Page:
• pure functional programming language
  • formal verification
  • eliminate compositional complexity ceiling
  • predictable resources consumption
  • abstract away from particular backends
  • maintain efficient execution

For more details about the technicalities please visit the Juvix website or the Juvix Github page (and in particular the language reference). The above features are the reason why Juvix differs from other smart contract programming languages and what led to its creation. At the moment of writing there is no other smart contract programming language that implements all these features. These features make it easier for a developer to ensure that their smart contract behaves exactly as they intend it to.

As Juvix relies on numerous ground-breaking academic research, not that many developers are familiar with those concepts. Thus, at first, it might be more difficult for them to become well-acquainted with Juvix compared to another smart contract language. The Juvix team is well aware of this difficulty and is trying to reduce it (e.g. by using algebraic proof effects (learn more here).

Installation

Juvix can be installed on Linux, MacOS or Windows (for more details about the installation please visit Github). It is currently in a pre-alpha stage of development and only installation from source is supported. As the name of the release indicates, Dactylobiotus is the first developer preview release of Juvix. You should therefore expect bugs. This release is intended for experimentation and research purposes only. No warranty is provided or implied. To help you with this experimentation a  syntax highlighting package for Juvix in VSCode has been created (download it here, other IDE supports will follow).

Juvix is an open source project. Contributions are more than welcome (to contribute please follow these guidelines). Please do not hesitate to leave a feedback or report any issues you might encounter.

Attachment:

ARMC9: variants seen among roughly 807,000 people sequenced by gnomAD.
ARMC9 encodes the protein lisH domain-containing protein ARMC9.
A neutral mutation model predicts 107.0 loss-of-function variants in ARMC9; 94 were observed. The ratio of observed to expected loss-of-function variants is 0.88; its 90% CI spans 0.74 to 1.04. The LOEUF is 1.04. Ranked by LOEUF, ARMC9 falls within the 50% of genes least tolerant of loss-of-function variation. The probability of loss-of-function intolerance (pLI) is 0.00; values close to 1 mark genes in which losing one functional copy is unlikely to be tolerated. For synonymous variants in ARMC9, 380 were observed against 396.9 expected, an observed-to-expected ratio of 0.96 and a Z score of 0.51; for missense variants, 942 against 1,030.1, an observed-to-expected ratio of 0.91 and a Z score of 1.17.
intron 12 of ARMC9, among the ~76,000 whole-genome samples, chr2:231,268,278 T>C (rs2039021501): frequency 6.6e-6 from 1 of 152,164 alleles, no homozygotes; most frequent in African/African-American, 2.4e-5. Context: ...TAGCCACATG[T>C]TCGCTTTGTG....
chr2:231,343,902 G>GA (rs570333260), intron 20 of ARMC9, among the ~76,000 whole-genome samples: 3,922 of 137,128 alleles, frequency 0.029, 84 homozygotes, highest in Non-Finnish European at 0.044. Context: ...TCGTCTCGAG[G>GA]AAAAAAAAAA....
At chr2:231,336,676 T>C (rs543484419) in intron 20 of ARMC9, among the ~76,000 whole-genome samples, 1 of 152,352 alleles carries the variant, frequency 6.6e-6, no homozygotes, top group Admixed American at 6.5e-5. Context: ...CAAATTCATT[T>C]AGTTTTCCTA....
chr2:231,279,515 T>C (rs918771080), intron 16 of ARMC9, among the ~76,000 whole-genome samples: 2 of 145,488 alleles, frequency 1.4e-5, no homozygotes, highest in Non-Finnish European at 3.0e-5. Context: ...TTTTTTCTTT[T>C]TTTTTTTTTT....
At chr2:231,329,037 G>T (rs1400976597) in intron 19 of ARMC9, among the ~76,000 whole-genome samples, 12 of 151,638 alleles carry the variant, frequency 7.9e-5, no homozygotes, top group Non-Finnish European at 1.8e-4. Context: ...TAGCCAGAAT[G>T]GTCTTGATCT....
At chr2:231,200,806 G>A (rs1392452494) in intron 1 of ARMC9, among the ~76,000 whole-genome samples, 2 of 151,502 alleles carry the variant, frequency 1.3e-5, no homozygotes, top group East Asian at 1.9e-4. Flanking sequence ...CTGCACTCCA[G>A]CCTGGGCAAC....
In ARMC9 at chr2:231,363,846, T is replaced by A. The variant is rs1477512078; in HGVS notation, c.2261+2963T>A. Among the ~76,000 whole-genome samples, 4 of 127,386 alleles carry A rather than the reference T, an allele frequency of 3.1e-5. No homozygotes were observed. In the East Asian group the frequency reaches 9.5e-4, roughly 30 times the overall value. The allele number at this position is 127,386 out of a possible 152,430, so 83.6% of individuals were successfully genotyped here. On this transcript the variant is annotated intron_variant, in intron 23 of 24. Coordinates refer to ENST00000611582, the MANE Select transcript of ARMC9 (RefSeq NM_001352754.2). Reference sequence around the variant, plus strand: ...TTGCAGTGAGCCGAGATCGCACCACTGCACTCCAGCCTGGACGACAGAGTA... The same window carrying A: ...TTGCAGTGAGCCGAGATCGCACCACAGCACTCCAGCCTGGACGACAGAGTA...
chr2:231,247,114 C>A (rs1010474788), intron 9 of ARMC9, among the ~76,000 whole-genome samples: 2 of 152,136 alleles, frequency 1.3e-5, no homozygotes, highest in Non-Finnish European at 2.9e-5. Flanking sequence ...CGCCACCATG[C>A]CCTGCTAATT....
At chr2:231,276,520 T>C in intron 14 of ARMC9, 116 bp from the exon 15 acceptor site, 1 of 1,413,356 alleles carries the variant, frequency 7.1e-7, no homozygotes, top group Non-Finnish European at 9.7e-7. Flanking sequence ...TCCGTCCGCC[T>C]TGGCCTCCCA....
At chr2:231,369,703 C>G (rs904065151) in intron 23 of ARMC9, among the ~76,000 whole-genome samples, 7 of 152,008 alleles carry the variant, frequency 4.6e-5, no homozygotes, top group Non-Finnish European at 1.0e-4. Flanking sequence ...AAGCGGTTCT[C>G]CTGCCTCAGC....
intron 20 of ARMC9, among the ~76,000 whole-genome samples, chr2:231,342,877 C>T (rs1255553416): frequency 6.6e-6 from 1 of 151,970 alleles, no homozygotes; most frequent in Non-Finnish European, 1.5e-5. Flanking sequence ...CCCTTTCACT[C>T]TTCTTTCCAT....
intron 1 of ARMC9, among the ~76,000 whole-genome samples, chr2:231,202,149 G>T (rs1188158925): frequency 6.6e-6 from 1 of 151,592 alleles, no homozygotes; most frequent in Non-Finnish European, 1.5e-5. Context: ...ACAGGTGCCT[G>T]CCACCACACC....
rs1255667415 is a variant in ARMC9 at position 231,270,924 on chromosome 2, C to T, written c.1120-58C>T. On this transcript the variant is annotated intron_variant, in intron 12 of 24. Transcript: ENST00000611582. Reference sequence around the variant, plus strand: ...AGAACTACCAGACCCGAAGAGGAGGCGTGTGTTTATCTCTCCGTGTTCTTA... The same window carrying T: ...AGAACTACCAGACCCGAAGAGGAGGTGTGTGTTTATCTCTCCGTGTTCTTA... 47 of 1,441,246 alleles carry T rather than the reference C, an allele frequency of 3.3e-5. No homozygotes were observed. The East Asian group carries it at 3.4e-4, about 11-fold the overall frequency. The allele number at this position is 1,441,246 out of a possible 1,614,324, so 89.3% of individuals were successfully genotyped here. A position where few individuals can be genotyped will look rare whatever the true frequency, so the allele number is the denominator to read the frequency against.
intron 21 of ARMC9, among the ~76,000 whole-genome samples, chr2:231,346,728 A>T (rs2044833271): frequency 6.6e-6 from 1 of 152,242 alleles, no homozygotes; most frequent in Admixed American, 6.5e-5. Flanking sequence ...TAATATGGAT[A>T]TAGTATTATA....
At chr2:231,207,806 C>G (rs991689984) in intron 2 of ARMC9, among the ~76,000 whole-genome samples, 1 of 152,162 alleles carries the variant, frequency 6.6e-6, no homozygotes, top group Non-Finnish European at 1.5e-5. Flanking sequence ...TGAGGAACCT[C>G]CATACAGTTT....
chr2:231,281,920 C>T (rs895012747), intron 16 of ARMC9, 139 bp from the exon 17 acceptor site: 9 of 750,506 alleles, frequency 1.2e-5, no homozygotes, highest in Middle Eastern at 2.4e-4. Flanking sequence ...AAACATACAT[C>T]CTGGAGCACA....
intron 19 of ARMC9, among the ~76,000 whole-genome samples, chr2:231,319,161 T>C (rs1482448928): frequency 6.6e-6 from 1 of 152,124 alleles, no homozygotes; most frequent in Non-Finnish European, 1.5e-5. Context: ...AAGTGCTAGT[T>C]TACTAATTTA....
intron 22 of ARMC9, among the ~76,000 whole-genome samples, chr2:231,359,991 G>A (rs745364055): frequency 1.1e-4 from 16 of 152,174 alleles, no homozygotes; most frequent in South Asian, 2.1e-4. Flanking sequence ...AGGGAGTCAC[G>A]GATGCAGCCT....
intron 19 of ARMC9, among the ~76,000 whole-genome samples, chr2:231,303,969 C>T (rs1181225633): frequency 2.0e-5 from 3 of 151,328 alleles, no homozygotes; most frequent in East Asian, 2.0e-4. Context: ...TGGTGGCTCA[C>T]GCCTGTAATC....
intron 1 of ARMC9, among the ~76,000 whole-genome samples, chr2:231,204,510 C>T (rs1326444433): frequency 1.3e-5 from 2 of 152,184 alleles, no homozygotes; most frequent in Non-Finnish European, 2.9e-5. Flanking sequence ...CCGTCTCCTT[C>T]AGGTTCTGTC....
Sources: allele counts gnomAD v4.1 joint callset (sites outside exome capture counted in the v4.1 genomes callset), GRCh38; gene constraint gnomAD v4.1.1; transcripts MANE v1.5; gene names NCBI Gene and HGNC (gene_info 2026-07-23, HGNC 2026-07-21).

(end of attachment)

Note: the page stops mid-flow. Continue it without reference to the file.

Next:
Conclusion

Due to their novelty and complexity, smart contracts suffer from multiple challenges. Although significant efforts and numerous possible solutions have been proposed to reduce their security vulnerabilities, infamous hacks still happen every year. A language specifically designed for the blockchain use-case seems to be the best solution. Juvix has been created to this end and implements many desirable features for a smart contract programming language. There is currently no other smart contract programming language that implements all these features. These features make it easier for a developer to ensure that their smart contract behaves exactly as they intend it to.

Bibliography

[1] Smart contract security - incentives beyond the launch by phil daian (devcon4) Accessed: 2020-08-13.                                                  

[2] Markus Knecht. Mandala: A smart contract programming language. 2019.

[3] Dominik Harz, William Knottenbelt. Towards safer smart contracts: A survey of languages and verification methods. 2018.

[4] Compiling juvix to michelson Accessed: 2020-08-12.

[5] The why of juvix: On the design of smart contract languages Accessed: 2020-08-12.

[6] Juvix language reference Accessed: 2020-08-12.

[7] The why of juvix: Ingredients & architecture Accessed: 2020-08-12.